Insights

Picture of Chris Perreira The number of Americans who bank online has hit a new high every year for the past five years, growing from approximately 196 million in 2020 to 203 million in 2021. 78% of Americans now prefer to bank digitally rather than in person. It's clear that online banking is here to stay as more and more people take advantage of its ease.  
  
Unfortunately, as we all know all too well, fraudsters are opportunistic. The growth in online banking has attracted the attention of criminals who are trying to take advantage of the trend. Law enforcement officials have seen a surge in bank account-related crime, including attempts to target consumers using laptop computers or mobile devices to pay bills, check account balances or transfer funds. The FTC’s Consumer Sentinel Network received more than 2.7 million reports of fraud in 2021, including over 195,000 cases of bank fraud. That’s a staggering 70% increase from the previous year. 
  
October is National Cybersecurity Awareness Month, a nationwide effort to raise awareness about online security and empower everyone to protect themselves against cybercrime.  
  
In honor of National Cybersecurity Awareness Month, here are our top five tips on how to protect your account from the most common online banking scams: 
  
1. Watch out for phishing via text message, email or phone.  

This is the most popular form of cybercrime targeting consumers. Scammers use text or email messages that seem to come from the bank to trick people into giving up account passwords, Social Security numbers, account information and more.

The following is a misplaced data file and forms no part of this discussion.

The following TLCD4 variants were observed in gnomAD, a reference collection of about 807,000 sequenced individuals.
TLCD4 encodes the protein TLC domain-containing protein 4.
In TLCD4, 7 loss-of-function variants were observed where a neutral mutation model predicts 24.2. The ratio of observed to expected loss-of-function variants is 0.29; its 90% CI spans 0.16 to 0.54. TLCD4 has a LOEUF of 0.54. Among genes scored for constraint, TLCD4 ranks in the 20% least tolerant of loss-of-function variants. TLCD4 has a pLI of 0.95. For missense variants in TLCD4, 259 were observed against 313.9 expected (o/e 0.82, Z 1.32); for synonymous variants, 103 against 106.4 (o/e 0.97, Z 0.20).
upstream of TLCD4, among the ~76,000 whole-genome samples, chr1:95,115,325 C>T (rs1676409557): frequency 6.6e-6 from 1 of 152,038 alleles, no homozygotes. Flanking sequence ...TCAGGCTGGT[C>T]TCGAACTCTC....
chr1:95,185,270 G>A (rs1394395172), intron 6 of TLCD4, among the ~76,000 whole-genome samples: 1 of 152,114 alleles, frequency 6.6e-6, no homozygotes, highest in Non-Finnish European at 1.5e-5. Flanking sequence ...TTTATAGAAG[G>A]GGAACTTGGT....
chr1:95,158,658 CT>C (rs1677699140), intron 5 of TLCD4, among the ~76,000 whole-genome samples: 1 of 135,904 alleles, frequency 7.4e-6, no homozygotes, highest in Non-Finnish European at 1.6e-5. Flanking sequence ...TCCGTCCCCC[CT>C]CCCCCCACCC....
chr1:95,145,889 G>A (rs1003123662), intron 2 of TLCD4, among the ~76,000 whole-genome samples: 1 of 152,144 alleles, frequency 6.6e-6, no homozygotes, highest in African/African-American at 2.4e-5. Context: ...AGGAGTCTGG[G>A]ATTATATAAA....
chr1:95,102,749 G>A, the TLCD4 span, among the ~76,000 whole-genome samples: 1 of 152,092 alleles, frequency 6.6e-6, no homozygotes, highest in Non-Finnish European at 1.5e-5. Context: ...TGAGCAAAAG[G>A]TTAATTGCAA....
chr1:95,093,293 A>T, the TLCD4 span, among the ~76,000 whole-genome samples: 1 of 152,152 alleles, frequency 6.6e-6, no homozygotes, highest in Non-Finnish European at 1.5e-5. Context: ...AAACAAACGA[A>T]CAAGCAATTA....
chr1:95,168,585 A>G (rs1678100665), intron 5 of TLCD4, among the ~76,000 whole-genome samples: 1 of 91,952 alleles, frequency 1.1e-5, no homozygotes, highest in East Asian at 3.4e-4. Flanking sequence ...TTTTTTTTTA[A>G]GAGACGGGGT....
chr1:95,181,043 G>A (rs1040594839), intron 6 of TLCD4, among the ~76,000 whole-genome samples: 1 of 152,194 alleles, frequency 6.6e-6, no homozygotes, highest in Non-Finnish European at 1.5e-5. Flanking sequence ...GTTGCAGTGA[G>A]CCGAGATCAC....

Often these messages invite you to click on a link where you’re asked to type in personal information or log into your account. 
  
Be aware that legitimate messages originating from your bank will never ask you to provide identifying information or your password. Also, watch for spoofed sites: these may closely resemble your bank’s website, but instead have a slightly misspelled site address. 
  
Do not click on links or open attachments in emails claiming to be from your bank. Instead, navigate directly to the online login portal for your bank account if you’re accessing it from a web browser. 
  
Be on the lookout for phone calls from spoofed phone numbers that seem to come from the bank. In one scam that’s been observed recently, consumers will receive a text message asking them to verify that they’ve recently made a large purchase. When they respond with a “no,” they then get a call from an 800 number that shows up in caller id as if it’s the bank. 
  
Remember, your bank will never call you to verify your account number. If you’re ever in doubt that the caller is legitimate, just hang up and call the bank directly at a number you trust. 
  
2. Keep your home computer free of keylogging malware. 
  
Keyloggers are a kind of malicious software that can secretly install itself on your computer and record sensitive information like bank account numbers and passwords as you type it in. You can download this malware by accidentally clicking on a link in a phishing email, or your computer may become infected while you’re browsing what you think is a legitimate website. 
  
Steps you can take to keep your computer and mobile devices free of malware include keeping your operating systems up to date. Don’t delay installing system software updates, since newer software has the latest security features.